The providence of God it is that makes difference in person's abilities, but his pleasure will make no difference in the acceptation; Where there is a willing mind, it shall be accepted according to what a person hath. 2 Corinthians 8:12
No sooner was our Saviour brought into the temple and presented to the Lord by his holy parents, but in springs old Simeon, a pious and devout man who had a revelation from God that he should not die until he had with his bodily eyes seen the promised Messiah.
Accordingly, he takes up the child Jesus in his arms, but hugs him faster by his faith, than by his feeble arms, and with ravishment of heart praises God for the sight of his Saviour, whom he calls the Consolation of Israel; that is, the Messiah, whom the Israel of God had long looked and waited for, now took comfort and consolation in.
Note here, 1. How God always performs his promises to his children with wonderful advantages. Simeon had a revelation that he should not die until he had seen Christ; now he not only sees him, but feels him too; he not only has him in his eye, but holds him in his hands.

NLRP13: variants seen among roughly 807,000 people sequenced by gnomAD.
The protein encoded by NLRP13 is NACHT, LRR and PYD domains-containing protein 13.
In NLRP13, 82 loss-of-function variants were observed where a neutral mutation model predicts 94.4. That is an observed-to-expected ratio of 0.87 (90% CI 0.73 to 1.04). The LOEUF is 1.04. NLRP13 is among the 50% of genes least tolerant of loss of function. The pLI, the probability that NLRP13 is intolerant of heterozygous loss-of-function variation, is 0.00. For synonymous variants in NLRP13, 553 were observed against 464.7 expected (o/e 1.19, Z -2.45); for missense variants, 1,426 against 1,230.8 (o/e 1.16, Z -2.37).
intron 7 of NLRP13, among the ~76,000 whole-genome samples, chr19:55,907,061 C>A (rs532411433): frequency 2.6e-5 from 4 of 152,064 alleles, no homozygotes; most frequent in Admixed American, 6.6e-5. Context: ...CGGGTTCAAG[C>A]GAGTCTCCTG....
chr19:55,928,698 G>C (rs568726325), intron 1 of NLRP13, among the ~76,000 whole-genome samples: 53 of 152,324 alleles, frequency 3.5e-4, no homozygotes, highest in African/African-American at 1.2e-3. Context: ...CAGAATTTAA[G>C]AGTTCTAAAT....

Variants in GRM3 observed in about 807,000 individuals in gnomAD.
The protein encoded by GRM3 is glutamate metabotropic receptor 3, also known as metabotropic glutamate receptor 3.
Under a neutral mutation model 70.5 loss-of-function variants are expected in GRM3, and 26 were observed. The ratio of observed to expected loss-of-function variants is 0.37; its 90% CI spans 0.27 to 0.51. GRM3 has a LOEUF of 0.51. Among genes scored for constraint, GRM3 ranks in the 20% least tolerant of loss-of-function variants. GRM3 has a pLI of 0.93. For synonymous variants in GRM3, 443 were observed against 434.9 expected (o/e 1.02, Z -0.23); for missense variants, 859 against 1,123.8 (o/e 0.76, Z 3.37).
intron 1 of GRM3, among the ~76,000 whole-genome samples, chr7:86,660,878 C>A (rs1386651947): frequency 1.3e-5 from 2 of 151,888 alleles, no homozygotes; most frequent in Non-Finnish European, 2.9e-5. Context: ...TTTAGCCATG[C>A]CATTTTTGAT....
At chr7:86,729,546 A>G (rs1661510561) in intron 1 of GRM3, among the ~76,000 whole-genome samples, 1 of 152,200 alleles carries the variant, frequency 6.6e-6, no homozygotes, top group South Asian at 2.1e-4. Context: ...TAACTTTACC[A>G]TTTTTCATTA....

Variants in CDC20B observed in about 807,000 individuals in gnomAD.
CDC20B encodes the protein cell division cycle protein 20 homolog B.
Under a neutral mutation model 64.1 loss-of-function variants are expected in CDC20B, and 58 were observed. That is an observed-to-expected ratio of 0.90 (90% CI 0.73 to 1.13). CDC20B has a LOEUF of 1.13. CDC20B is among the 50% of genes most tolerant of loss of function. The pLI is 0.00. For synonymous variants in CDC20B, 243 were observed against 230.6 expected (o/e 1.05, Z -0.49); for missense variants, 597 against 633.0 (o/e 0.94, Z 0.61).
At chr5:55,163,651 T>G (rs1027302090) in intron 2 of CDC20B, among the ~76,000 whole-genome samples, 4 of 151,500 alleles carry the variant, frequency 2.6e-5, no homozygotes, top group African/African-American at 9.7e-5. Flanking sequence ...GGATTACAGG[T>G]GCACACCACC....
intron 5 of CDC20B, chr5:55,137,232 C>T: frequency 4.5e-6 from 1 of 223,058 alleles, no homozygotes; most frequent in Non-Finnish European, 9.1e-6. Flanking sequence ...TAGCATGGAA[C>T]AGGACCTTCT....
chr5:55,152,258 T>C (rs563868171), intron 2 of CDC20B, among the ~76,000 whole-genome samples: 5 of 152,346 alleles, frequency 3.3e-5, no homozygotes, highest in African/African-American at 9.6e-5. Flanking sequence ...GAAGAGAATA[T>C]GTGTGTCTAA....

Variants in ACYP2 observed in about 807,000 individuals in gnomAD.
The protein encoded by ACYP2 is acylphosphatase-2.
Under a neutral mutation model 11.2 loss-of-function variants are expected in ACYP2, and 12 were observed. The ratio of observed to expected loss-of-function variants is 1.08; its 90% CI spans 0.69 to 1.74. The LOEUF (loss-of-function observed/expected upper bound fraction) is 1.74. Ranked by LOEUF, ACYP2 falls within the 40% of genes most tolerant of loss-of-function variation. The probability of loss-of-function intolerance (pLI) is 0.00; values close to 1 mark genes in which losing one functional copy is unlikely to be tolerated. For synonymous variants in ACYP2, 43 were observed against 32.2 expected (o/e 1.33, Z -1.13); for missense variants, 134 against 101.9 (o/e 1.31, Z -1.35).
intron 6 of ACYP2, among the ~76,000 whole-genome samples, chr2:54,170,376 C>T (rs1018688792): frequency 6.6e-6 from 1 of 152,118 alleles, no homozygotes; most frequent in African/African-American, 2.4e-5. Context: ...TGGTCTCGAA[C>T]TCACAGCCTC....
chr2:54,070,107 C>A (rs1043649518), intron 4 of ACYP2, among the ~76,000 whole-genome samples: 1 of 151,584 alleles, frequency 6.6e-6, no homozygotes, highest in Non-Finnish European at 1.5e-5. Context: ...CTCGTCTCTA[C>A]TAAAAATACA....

Though God stays long before he fulfils his promises, he certainly comes at last with a double reward for our expectation.
Note 2. That the coming of the Messiah in the fulness of time, and his appearing in our flesh and nature, was and is a matter of unspeakable consolation to the Israel of God. And now that he is come, let us live by faith in him, as the foundation of all comfort and consolation both in life and death.
Alas! what are all other consolations besides this, and without this? They are impotent and insufficient consolations, they are dying and perishing consolations; nay, they are sometimes afflictive and distressing consolations. The bitterness accompanying them, is sometimes more than the sweetness that is tasted in them; but in Christ, who is the consolation of Israel there is light without darkness, joy without sorrow, all consolation without any mixture of discomfort.
These words are a sweet canticle, or swan-like song, of old Simeon, a little before his dissolution. He had seen the Messiah before by faith, now by sight, and wishes to have his eyes closed, that he might see nothing after this desirable sight. It is said of some Turks, that after they have seen Mahomet's tomb, they put out their eyes, that they may never defile them after they have seen so glorious an object. Thus did old Simeon desire to see no more of this world, after he had seen Christ the Saviour of the world, but sues for his dismission; Lord, let thy servant depart.
Note here, 1. That a good man having served his generation, and God in his generation, faithfully, is weary of the world, and willing to be dismissed from it.
2. That the death of a good man is nothing else but a quiet and peaceable departure; it is a departure in peace to the God of peace.